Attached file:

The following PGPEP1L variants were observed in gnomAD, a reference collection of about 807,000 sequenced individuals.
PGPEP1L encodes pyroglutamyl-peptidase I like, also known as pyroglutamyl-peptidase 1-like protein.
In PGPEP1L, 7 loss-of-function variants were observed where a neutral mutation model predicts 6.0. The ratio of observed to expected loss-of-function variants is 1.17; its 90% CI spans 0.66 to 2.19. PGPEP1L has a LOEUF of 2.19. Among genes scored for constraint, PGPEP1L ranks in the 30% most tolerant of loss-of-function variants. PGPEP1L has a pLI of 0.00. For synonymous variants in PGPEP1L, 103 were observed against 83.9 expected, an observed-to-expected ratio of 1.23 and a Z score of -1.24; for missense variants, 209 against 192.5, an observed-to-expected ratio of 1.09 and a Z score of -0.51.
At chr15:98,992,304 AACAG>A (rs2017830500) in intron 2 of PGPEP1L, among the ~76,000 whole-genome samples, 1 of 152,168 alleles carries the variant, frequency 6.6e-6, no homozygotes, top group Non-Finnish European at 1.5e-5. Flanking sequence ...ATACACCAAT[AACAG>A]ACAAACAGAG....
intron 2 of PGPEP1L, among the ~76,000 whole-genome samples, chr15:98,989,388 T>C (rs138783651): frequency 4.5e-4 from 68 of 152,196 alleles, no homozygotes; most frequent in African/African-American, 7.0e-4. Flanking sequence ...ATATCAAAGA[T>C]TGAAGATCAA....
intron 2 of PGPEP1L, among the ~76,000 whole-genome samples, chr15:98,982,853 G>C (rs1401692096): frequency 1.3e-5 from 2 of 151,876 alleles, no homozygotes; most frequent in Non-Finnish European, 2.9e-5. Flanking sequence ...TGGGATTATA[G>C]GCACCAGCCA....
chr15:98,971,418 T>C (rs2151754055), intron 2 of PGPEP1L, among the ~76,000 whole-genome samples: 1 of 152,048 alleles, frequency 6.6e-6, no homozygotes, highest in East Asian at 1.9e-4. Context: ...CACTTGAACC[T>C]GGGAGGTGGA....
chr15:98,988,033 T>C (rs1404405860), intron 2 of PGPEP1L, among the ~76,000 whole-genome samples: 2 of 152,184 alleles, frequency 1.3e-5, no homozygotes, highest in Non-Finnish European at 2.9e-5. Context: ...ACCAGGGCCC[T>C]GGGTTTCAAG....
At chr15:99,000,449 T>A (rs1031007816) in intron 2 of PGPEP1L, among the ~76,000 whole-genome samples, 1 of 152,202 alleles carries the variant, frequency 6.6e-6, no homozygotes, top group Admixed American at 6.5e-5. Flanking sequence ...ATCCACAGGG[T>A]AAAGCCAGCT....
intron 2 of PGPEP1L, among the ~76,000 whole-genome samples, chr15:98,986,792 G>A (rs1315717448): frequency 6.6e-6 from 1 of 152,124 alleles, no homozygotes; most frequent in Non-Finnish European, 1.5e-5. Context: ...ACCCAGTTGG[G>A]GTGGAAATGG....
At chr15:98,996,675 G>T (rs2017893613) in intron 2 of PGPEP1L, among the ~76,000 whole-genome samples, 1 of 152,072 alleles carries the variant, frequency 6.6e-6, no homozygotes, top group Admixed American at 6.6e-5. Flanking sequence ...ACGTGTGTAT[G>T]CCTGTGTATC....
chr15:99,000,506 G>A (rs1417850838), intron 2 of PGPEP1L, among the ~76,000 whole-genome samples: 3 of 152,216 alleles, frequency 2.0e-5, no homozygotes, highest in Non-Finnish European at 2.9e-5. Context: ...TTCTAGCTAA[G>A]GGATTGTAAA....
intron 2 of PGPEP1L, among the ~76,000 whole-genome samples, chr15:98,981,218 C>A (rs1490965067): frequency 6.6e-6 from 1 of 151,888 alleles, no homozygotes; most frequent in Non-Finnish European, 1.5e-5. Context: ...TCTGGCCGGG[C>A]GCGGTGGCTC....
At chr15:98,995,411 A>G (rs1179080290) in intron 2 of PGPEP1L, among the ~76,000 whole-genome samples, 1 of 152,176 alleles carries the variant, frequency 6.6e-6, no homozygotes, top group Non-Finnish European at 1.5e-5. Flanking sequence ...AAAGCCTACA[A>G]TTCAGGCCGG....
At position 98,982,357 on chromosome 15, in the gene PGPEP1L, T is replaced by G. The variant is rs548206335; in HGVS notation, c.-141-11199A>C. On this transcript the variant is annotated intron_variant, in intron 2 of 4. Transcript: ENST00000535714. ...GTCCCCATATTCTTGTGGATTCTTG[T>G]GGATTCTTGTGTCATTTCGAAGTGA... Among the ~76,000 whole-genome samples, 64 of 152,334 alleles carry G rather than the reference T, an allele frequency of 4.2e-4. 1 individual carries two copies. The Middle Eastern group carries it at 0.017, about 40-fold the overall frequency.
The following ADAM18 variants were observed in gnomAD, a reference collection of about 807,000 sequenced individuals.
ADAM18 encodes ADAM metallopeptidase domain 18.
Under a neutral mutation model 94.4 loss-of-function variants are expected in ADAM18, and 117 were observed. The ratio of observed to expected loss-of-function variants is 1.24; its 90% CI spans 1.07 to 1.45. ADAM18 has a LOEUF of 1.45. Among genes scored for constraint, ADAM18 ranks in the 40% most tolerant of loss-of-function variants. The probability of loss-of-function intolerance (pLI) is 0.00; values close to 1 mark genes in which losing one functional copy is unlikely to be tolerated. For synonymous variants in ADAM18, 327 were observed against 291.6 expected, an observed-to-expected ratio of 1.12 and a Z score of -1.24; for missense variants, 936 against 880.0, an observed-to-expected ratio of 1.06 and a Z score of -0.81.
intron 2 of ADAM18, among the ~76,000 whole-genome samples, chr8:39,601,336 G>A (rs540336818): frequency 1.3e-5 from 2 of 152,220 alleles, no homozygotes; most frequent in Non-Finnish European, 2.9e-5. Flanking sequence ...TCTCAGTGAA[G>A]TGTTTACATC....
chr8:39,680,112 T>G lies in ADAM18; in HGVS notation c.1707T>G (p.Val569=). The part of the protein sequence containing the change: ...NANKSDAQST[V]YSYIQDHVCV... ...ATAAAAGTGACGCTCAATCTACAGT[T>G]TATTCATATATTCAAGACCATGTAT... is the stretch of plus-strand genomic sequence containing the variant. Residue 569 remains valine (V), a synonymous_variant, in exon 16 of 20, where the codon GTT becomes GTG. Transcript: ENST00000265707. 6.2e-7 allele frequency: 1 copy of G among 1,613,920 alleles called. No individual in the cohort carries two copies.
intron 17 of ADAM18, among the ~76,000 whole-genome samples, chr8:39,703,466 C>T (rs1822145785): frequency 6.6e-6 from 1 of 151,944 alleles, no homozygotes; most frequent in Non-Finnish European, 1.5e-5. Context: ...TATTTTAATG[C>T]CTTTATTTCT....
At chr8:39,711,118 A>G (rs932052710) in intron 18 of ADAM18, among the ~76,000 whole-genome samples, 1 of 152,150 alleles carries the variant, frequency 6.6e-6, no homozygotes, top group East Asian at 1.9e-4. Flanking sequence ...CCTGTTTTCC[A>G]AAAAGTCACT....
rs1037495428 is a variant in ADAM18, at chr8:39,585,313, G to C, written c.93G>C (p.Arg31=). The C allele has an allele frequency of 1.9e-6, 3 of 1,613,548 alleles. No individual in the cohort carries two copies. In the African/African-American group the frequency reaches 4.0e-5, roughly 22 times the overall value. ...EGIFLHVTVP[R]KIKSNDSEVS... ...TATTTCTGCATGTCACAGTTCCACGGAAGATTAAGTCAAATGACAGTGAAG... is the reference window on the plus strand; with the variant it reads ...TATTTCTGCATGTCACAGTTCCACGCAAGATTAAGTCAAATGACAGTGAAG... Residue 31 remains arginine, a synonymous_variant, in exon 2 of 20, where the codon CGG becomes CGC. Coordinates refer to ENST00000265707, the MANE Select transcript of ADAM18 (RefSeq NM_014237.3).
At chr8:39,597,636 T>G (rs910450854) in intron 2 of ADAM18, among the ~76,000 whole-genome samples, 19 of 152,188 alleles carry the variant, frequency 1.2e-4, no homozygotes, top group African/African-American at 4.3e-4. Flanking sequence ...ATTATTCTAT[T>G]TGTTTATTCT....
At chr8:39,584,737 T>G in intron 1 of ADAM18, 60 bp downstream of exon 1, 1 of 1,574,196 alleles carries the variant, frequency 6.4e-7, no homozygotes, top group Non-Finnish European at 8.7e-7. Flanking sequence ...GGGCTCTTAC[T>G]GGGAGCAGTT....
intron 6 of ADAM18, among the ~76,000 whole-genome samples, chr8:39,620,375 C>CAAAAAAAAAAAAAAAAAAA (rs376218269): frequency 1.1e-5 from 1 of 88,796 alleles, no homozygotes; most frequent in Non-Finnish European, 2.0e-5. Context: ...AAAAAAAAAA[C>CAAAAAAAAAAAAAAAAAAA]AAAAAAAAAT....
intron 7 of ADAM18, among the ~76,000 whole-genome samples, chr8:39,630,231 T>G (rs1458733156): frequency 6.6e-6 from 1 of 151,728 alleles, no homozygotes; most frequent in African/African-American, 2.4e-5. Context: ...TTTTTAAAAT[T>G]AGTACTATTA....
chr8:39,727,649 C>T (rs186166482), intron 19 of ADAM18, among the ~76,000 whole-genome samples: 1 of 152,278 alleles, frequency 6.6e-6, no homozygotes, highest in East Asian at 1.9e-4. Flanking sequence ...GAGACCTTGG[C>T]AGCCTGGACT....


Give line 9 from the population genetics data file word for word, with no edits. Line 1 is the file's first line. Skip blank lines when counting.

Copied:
At chr15:99,000,449 T>A (rs1031007816) in intron 2 of PGPEP1L, among the ~76,000 whole-genome samples, 1 of 152,202 alleles carries the variant, frequency 6.6e-6, no homozygotes, top group Admixed American at 6.5e-5. Flanking sequence ...ATCCACAGGG[T>A]AAAGCCAGCT....